Philip Cecil Crampton

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Philip Cecil Crampton PC (May 1783 in Dublin – 29 December 1862)[1][2] was a judge, politician and Solicitor-General for Ireland, and a noted supporter of the cause of total abstinence from alcohol.

He was born in Dublin, the fourth son of the Reverend Cecil Crampton, vicar of Headfort, County Galway, and Nicola Marsh. His namesake, the celebrated doctor Sir Philip Crampton, was a cousin, a fact which benefitted his career. He was educated at the University of Dublin, where he was an outstanding student, and gold medallist; later becoming a Fellow of the University (1807–16) and Regius Professor of Law in 1816. He entered Lincoln's Inn in 1808. He was called to the Irish Bar in 1810.

He was appointed Solicitor-General in 1830. He was elected Member of Parliament (MP) for Saltash in February 1831,[3] and MP for Milborne Port in July 1831.[2] He was judge of the Court of Queen's Bench (Ireland) 1834-1859.

In politics he was a Whig and a strong supporter of progressive Whig causes such as Parliamentary reform and abolition of the slave trade. Though a fine academic lawyer and a "pleasant and tactful" advocate, he was not considered much of a politician. His various proposals to reform the Irish legal system met with little support, and he clashed repeatedly with Daniel O'Connell (he was to be one of the judges at O'Connell's trial in 1844).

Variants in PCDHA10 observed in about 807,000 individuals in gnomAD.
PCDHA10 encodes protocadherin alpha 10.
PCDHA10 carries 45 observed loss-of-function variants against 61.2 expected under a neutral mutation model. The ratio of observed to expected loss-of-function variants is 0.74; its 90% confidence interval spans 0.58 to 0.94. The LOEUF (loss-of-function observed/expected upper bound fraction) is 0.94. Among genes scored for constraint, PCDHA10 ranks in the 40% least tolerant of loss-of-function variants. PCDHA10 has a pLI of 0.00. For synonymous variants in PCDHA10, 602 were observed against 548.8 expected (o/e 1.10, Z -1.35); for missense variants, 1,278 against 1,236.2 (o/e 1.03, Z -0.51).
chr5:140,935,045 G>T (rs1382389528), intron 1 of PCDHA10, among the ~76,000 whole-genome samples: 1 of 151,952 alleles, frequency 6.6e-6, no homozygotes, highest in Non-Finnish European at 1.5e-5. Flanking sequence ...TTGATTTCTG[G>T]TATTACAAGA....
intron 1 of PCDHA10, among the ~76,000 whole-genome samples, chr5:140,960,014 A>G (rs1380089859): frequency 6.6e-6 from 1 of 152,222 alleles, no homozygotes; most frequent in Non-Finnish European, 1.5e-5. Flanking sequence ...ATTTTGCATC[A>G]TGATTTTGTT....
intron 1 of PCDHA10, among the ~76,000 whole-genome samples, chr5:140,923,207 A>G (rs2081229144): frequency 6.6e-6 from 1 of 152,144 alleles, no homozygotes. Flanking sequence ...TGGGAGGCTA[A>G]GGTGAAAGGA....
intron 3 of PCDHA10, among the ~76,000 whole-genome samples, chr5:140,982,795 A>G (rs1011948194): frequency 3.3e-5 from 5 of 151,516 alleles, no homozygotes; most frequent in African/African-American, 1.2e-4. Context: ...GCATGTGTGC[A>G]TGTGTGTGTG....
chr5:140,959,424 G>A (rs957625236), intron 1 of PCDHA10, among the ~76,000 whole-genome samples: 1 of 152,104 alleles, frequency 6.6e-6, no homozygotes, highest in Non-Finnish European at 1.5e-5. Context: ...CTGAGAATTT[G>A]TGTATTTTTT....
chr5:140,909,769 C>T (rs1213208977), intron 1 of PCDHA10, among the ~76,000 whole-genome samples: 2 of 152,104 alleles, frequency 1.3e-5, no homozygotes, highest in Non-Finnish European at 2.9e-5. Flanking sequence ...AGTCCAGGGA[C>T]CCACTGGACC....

O'Connell opposed Crampton's appointment to the Bench, calling him "utterly incompetent", lacking in integrity, and chosen only due to his friendships with senior judges. O'Connell however disliked and despised nearly all the Irish judges of his time, and his low opinion of Crampton was not generally shared: when he retired, it was said that no judge's reputation stood higher. Most contemporaries praised him as "a true gentleman, a true Christian, and a noted philanthropist".

He married firstly in 1817 Sidney Mary Browne, who died in 1839, and secondly Margaret Duffy. By his second marriage he had one son, Cecil, who died young.

He lived in considerable state at his home St. Valery, near Bray, County Wicklow, but was not noted for hospitality. A strict advocate of temperance, he refused to serve alcohol to his guests, and according to a much repeated story, poured the entire contents of the St. Valery wine cellar into the nearby River Dargle.

He retired from the Bench in 1859 and died at St. Valery in 1862. Cecil, his only son died four years later while still in his teens. The estate passed to another branch of the Crampton family.


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Parliament of the United Kingdom
Preceded by
Earl of Darlington
John Gregson
Member of Parliament for Saltash
February 1831 – May 1831
With: Earl of Darlington
Succeeded by
Frederick Villiers
Bethell Walrond
Preceded by
Richard Lalor Sheil
George Byng
Member of Parliament for Milborne Port
July 1831–1832
With: George Byng
Constituency abolished
Legal offices
Preceded by
John Doherty
Solicitor-General for Ireland
Succeeded by
Michael O'Loghlen